joz_mak at yahoo.ca
Wed Apr 26 18:31:08 UTC 2006
Jani Monoses <jani.monoses at gmail.com> wrote: I would NOT recommend u sing the background for both . I've never even heard this kind of solution ever. This would go against the purpose what we are aiming at here. Would destroy visual consistency. Because the idea is to create a
It was just a proposal. But I don't see how it would destroy visual consistency. Is it not unified if you do not have two different whole desktop redraws in an interval of 10 seconds?
unified and attractive look and feel for xubuntu. If the gdm size is still a problem, I would rather recommend reducing its dimensions to 1024x678. This would significantly reduce its size as well.
I gonna do a smaller version of it and upload it to the usual place. If it's ok.
Sure the size I'd still prefer to be smaller. What I was thinking, and where I got the idea of using the same background is this: we have a good looking wallpaper in 240Kb. Why does another background need to be 900Kb to be good looking?
Let's forget about gdm and xfdesktop. To the user it is an image on the screen, it should not matter if one is used at login the other in the rest.
So I was thinking what if we just had a login dialog over the wallpaper and after you typed it in the dialog disappears and you're on the desktop already?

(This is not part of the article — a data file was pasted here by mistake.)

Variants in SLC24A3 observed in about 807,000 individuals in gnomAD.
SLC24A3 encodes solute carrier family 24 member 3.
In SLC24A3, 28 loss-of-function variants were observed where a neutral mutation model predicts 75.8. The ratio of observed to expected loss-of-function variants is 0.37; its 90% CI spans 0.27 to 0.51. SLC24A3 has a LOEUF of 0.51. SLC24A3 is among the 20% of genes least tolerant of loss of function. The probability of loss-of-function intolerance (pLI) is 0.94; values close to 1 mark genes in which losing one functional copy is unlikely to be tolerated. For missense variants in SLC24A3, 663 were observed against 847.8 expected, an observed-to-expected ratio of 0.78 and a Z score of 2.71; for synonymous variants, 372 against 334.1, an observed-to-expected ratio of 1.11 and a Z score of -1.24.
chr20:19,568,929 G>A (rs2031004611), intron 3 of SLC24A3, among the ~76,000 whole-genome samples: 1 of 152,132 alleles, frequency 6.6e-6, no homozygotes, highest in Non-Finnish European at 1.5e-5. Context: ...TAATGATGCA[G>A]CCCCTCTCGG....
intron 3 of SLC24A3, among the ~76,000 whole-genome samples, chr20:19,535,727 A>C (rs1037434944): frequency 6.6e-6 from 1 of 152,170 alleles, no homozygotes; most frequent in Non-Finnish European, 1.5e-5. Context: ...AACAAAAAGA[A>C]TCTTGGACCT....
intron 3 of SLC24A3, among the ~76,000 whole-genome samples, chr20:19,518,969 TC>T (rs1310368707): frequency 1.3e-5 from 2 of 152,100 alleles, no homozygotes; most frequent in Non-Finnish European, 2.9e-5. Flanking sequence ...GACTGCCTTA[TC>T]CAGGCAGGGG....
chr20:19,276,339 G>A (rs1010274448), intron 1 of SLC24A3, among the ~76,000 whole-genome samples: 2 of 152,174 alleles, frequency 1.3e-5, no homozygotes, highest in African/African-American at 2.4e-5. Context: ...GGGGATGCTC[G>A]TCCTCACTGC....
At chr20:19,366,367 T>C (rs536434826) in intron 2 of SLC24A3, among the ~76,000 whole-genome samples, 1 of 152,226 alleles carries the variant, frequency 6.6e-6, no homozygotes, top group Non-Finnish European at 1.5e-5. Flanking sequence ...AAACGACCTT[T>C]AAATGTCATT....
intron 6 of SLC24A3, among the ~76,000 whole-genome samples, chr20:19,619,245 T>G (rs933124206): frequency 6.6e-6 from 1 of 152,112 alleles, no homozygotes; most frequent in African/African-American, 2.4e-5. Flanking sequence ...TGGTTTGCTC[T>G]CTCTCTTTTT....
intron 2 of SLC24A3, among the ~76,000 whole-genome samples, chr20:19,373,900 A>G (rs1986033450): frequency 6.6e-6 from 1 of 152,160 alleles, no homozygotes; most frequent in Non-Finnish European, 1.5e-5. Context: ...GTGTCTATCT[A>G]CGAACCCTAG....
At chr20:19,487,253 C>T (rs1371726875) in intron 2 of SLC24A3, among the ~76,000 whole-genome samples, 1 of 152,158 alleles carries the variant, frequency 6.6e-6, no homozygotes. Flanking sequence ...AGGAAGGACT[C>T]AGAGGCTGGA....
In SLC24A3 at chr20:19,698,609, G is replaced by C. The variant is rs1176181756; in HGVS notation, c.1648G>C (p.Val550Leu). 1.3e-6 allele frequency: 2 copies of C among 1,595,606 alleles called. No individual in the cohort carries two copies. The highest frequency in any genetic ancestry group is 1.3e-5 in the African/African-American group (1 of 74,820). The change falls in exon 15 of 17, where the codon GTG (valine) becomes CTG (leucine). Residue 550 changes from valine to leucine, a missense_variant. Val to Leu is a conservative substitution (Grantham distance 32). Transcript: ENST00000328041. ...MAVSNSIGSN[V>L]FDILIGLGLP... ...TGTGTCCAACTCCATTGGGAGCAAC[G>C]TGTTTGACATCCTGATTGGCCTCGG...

The gdm/splash/wallpaper separation is artificial because the thing boots slowly not because the a user expects a computer to show various artwork while it starts in the name of visual consistency or whatever else :)
It can be done. I was just saying that I've never heard any distro that uses this approach.
Because a piece of graphic, beyond being a decorative element, also a visual clue helping users to navigate. In this case, perhaps to indicate for new users that login in is not just another dialog, like the one for instance you use when starting synaptic, but it has a different purpose; here you can log in as different user or change a desktop environment. If you read Bruce Tognazzini excellent article, The first principle on interaction design,
clearly states, among others, that different functions should be unambiguously marked by visual clues in order to help users to navigate as intuitively as possible.
An excellent article for both graphic artists and developers.
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